With regards to immunity, Lessig reminds readers that, “He has promised to repeal the immunity as president.” Unfortunately once immunity is granted it is doubtful that it could be revoked. Lessig also writes that the vote “is a vote that reflects the judgment that securing the amendments to FISA was more important than denying immunity to telcos.” He writes that the amendments are good because, “getting a regime that requires the executive to obey the law is important.” While this is true, there were also many aspects of the law which still grant excessive authority to the Executive Branch and which infringe upon civil liberties.

While I disagree with aspects of the bill, there are some benefits as Lessig points out. Perhaps the bottom line is Lessig’s final point:

please, fellow liberals, or leftists, or progressives, get off your high horse(s). More on this with the next post but: it is not “compromising” to recognize that we are part of a democracy. We on the left may be right. We may be the position to which the country eventually gets. But we have not yet earned the status of a majority. And to start this chant of “principled rejection” of Obama because he is not as pure as we is, in a word, idiotic (read: Naderesque).

Personally I think that if the Democrats stood strong they could have demanded a bill which did more to respect civil liberties. I’ve previously discussed my objection to moving to the center on national security issues to avoid Republican accusations of being weak. With the Republicans being so unpopular, this is a time when the Democrats could have stuck to their principles. The Republicans certainly had no qualms about doing so when they were in power.The Democrats did manage to do this on the Medicare bill, but in that case they could frame it as being pro-doctor and pro-elderly, as opposed to being accused of being weak on national security on FISA.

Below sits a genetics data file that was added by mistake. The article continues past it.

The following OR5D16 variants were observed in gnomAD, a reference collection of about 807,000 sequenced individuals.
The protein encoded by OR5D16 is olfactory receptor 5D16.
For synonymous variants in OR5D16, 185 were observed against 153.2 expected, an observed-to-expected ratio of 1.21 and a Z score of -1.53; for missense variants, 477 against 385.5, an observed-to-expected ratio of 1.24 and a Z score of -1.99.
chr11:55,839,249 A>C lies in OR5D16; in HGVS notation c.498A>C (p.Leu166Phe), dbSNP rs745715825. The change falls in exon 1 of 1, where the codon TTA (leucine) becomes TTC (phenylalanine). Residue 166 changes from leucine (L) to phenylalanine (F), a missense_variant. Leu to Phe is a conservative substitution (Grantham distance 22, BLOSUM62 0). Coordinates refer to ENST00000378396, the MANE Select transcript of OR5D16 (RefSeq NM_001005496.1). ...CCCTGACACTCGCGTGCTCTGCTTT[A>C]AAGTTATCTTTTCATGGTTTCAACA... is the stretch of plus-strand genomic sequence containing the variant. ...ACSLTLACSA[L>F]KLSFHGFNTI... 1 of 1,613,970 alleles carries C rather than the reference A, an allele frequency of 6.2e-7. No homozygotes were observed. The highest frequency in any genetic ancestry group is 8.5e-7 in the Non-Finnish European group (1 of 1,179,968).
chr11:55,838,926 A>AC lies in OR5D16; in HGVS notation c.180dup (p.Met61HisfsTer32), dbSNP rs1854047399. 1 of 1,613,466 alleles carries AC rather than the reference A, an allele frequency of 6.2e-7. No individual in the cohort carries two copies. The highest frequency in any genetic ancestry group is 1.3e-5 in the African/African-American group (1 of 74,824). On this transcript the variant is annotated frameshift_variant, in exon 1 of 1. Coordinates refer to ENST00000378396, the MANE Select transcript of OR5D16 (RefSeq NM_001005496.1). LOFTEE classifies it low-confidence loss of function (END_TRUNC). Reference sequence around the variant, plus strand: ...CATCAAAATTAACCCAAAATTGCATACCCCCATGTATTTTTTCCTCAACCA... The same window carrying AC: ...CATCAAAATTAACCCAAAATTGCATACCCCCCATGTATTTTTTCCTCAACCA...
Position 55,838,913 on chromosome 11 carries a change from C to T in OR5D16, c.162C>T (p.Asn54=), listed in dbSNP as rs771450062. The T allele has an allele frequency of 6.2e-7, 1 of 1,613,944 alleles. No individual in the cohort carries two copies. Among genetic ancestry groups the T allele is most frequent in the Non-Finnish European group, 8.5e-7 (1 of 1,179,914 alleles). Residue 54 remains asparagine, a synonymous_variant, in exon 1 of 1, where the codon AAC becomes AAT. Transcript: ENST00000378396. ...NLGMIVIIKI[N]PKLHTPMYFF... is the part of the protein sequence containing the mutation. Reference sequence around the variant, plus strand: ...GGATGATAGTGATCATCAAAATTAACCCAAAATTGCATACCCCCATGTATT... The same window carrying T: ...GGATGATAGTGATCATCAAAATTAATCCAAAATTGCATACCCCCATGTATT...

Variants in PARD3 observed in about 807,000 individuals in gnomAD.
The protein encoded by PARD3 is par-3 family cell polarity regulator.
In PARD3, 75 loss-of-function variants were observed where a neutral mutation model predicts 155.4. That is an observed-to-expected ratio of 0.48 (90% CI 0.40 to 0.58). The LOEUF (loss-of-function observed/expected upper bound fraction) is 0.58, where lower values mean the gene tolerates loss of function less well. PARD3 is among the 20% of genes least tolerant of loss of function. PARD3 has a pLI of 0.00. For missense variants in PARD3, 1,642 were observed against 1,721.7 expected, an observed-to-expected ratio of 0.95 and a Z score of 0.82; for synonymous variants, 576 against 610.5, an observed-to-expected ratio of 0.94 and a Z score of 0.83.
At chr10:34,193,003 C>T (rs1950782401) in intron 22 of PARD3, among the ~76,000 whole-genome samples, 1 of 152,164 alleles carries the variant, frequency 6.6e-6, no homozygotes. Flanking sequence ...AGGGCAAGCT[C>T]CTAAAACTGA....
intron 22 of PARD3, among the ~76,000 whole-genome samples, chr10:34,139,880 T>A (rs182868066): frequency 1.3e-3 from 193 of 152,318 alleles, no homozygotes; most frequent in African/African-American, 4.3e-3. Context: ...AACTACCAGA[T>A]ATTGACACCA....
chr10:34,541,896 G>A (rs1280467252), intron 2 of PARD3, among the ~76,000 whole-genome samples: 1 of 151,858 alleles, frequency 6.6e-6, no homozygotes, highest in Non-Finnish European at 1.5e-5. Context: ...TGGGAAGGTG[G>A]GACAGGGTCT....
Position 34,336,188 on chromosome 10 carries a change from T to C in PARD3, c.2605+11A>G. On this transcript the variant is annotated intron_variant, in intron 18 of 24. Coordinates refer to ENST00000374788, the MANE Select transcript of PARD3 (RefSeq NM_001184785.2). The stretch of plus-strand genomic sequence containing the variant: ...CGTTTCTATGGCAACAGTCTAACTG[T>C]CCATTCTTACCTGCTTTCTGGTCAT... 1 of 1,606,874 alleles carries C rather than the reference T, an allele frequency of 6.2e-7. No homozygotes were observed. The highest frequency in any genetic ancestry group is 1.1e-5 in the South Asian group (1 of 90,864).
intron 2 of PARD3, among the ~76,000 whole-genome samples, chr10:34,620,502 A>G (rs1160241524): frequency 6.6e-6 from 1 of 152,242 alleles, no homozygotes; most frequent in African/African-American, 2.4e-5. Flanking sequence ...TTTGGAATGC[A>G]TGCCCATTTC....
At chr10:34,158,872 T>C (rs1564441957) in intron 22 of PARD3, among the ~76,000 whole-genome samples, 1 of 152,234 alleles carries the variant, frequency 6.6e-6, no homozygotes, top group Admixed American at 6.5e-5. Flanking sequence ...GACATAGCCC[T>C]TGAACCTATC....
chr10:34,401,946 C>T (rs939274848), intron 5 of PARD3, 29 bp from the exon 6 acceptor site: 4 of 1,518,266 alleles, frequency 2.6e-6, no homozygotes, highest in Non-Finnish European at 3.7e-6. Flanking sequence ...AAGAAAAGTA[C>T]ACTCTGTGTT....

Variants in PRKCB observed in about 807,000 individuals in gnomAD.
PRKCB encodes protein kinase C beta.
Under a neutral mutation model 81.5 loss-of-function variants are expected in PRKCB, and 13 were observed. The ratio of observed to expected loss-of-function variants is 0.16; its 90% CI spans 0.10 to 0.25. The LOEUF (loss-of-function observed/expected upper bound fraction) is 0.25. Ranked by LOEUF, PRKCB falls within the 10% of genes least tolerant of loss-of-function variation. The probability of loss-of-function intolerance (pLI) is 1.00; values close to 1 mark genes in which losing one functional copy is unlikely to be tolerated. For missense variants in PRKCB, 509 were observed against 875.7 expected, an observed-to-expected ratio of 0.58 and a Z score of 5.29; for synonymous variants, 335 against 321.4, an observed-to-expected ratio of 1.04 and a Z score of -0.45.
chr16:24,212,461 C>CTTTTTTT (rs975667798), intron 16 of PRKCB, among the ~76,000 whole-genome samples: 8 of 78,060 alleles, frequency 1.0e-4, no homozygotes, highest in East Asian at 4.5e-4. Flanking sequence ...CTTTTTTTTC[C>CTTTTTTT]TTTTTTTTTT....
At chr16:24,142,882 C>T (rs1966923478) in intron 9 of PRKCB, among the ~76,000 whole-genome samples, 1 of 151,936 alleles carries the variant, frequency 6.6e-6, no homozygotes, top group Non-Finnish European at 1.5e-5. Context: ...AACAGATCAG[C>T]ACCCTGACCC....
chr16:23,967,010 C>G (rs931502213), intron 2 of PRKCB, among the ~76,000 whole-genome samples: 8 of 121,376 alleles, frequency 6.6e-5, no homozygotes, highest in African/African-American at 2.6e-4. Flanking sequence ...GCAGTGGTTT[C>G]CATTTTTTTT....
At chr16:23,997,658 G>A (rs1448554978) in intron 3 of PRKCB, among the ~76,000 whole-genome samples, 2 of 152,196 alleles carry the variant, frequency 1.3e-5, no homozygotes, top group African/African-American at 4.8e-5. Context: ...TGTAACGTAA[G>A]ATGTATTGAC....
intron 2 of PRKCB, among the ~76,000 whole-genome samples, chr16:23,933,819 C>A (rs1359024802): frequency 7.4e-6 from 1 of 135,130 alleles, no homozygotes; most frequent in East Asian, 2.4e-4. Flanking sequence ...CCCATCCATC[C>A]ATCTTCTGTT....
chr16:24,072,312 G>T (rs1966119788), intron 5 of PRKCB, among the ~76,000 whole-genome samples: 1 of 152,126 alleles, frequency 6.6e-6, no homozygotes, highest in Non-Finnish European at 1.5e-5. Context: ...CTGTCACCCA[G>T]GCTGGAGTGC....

The point is not really whether Obama and Lessig are right or wrong, but to consider that there is more than one side to this issue. This represented a compromise, not what Obama preferred. In such a compromise there were those who wanted more power for the Executive Branch and there were those, like Obama, who would have preferred a bill which showed greater respect for civil liberties. It is incorrect to claim that both parties to such a compromise are morally equivalent. While I disagree with both the strategy of the Democrats and Obama’s vote on the FISA compromise, I also agree with Lessig in opposing those who now reject Obama as impure. With the possible exception of Chris Dodd, who never really had a chance at the nomination, Obama was the strongest major party candidate on civil liberties issues to run this year. I’ve felt for months that the election of Barack Obama represents our best chance of strengthing civil liberties and, despite my disagreements on how Obama voted, this fact has not changed.